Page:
Characteristics of excluded studies [ordered by year of study]

StudyReason for exclusion

Langhorne 2000Case-control study

Silva 2005Controlled but not randomised

Durastanti 2005Controlled but not randomised

Weber 2007Monitoring was tested in emergency flight rescue for less than 12 hours

Pappa 2009Controlled but not randomised

 
Characteristics of studies awaiting assessment [ordered by study ID]
Davis 2000

MethodsRCT

ParticipantsStroke within 24 hours of onset

InterventionsAugmented care (50 participants): 72 hours continuous physiological monitoring
Standard care (48 participants): 4-hourly observations

OutcomesNeurological deterioration in Scandinavian Stroke Scale on days 1, 2, 3, 7, 28 and 90

NotesNo full paper published. No data available on outcomes from abstracts. No response from authors

 
Characteristics of ongoing studies [ordered by study ID]
Higgins 2012

Trial name or titleEvaluation of electrocardiographic monitoring strategy to identify atrial fibrillation in patients with acute ischaemic stroke or TIA

MethodsMulticentre randomised controlled, open label trial

ParticipantsAcute ischaemic stroke or confirmed TIA within 1 week of symptom onset where an alternative cause for symptoms has been excluded

InterventionsNon-invasive cardiac event monitoring and 2 x 12-lead ECG versus standard investigation for AF

OutcomesStandard investigation, AF detection, anticoagulant therapy, adverse event detection

Starting date

Contact information

NotesRecruitment stopped but follow up is ongoing

Smith 2009

Trial name or titleLong-term Cardiac Monitoring After Cryptogenic Stroke (CMACS)

MethodsRandomised controlled, open label trial
Pilot trial: 40 consecutive adults seen at the University of California at San Francisco Neurovascular service

ParticipantsAdults with cryptogenic stroke or high-risk TIA (ABCD2 score 4 or greater) admitted at University of California Neurovascular service

InterventionsDischarged home with a portable outpatient cardiac telemetry device for 21 days versus discharged home with longitudinal standard clinical routine follow up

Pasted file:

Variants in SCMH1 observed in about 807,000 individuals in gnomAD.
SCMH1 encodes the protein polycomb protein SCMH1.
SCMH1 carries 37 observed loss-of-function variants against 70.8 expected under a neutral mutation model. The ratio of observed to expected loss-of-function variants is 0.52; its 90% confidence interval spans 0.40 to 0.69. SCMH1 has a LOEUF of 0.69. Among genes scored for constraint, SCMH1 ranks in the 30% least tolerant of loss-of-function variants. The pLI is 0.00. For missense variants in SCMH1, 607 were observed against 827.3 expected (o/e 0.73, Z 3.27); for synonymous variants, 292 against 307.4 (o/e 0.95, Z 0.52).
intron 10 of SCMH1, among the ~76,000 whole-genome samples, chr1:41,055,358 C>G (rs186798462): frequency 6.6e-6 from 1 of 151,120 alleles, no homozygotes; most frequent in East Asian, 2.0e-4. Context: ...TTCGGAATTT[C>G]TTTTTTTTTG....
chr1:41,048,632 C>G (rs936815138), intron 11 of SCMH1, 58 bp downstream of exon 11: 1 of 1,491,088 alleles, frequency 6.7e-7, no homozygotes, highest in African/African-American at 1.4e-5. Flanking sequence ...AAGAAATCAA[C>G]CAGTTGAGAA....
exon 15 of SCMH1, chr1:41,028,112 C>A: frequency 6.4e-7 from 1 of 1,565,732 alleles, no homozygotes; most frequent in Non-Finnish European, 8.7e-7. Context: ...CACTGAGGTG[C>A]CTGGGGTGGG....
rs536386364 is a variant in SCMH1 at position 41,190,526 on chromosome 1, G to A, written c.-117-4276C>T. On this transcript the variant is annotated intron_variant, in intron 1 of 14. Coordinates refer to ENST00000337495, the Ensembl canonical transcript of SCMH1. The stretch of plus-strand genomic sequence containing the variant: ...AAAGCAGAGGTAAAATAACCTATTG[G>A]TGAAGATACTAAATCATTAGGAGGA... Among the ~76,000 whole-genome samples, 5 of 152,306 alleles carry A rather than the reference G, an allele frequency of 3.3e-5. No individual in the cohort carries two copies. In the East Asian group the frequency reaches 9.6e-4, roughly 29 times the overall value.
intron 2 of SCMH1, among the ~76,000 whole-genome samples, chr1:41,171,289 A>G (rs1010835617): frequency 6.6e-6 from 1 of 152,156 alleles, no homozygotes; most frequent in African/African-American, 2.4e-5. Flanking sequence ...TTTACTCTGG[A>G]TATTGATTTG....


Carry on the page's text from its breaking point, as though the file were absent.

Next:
OutcomesPrimary outcome: feasibility, defined as more than 80% of randomised participants completing full clinical follow up and more than 70% of cardiac monitoring if applicable
Secondary outcomes: diagnosis of AF at 90 days and 1 year and diagnosis of recurrent stroke at 1 year

Starting date

Contact information

NotesOngoing but not recruiting

 
Comparison 1. Continuous monitoring versus intermittent monitoring of physiological variables

Outcome or subgroup titleNo. of studiesNo. of participantsStatistical methodEffect size

 1 Death or dependency by the end of scheduled follow up3354Odds Ratio (M-H, Random, 95% CI)0.27 [0.13, 0.56]

 2 Death at discharge3354Odds Ratio (M-H, Random, 95% CI)0.72 [0.28, 1.85]

 3 Dependency at three months or longer286Odds Ratio (M-H, Random, 95% CI)0.79 [0.30, 2.06]

 4 Death from vascular causes3354Odds Ratio (M-H, Random, 95% CI)0.48 [0.10, 2.39]

 5 Length of stay3354Mean Difference (IV, Random, 95% CI)-5.24 [-10.51, 0.03]

 6 Institutional care by the end of scheduled follow up2300Odds Ratio (M-H, Random, 95% CI)0.83 [0.04, 15.72]

 7 Neurological complications3354Odds Ratio (M-H, Random, 95% CI)0.81 [0.46, 1.43]

 8 Cardiac complications3354Odds Ratio (M-H, Random, 95% CI)8.65 [2.52, 29.66]

 9 Pneumonia3354Odds Ratio (M-H, Random, 95% CI)1.38 [0.54, 3.54]

 10 Other infections3354Odds Ratio (M-H, Random, 95% CI)2.11 [0.95, 4.66]

 11 Deep vein thrombosis2300Odds Ratio (M-H, Random, 95% CI)1.20 [0.33, 4.37]

 12 Fever3354Odds Ratio (M-H, Random, 95% CI)2.17 [1.27, 3.70]

 13 Hypoxia3354Odds Ratio (M-H, Random, 95% CI)2.25 [0.98, 5.18]

 14 Hypotension3354Odds Ratio (M-H, Random, 95% CI)4.92 [1.68, 14.39]

 15 Hypertension3354Odds Ratio (M-H, Random, 95% CI)2.02 [0.39, 10.39]